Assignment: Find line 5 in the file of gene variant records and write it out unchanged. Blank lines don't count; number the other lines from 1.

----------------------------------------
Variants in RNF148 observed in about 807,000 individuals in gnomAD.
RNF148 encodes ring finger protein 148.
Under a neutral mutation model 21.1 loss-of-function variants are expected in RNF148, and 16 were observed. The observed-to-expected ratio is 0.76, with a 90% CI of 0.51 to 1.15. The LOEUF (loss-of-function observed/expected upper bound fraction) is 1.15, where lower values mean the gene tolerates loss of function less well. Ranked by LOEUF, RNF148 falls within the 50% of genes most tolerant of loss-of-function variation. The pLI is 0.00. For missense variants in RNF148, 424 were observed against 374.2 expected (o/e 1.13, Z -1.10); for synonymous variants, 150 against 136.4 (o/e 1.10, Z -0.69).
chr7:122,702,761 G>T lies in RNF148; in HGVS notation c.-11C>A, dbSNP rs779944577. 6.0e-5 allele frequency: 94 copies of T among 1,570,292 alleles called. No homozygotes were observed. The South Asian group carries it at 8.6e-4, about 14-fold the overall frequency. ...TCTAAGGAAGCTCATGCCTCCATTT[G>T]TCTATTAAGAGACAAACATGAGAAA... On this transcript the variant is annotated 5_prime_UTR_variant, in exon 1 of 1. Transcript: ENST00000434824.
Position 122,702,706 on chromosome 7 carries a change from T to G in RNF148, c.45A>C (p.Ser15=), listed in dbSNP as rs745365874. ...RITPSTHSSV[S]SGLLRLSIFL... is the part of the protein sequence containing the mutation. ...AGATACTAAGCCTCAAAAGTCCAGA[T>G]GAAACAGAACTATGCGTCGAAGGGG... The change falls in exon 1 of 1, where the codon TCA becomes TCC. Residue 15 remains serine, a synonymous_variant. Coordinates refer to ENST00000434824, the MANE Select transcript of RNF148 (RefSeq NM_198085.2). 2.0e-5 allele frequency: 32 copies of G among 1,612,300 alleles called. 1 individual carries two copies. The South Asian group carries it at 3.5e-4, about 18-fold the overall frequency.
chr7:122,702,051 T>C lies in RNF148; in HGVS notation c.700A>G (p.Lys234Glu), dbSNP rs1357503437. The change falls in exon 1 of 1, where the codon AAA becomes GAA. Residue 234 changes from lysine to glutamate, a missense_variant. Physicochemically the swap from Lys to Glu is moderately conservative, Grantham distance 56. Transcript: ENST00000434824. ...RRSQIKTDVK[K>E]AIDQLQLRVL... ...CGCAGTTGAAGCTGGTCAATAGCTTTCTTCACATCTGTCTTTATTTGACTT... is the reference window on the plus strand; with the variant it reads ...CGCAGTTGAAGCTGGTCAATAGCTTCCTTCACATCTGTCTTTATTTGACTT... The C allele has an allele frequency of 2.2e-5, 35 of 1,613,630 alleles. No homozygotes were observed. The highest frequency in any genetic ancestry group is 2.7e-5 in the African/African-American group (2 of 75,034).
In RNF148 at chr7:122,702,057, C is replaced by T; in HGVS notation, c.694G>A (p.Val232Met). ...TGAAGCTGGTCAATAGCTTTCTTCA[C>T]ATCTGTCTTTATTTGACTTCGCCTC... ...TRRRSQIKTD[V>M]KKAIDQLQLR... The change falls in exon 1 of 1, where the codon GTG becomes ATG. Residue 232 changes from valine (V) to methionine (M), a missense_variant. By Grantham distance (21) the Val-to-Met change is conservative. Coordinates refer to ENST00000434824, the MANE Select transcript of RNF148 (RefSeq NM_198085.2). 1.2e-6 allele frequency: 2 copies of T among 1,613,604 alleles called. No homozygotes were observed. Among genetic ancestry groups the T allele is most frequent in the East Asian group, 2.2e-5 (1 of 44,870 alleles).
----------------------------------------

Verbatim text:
Position 122,702,706 on chromosome 7 carries a change from T to G in RNF148, c.45A>C (p.Ser15=), listed in dbSNP as rs745365874. ...RITPSTHSSV[S]SGLLRLSIFL... is the part of the protein sequence containing the mutation. ...AGATACTAAGCCTCAAAAGTCCAGA[T>G]GAAACAGAACTATGCGTCGAAGGGG... The change falls in exon 1 of 1, where the codon TCA becomes TCC. Residue 15 remains serine, a synonymous_variant. Coordinates refer to ENST00000434824, the MANE Select transcript of RNF148 (RefSeq NM_198085.2). 2.0e-5 allele frequency: 32 copies of G among 1,612,300 alleles called. 1 individual carries two copies. The South Asian group carries it at 3.5e-4, about 18-fold the overall frequency.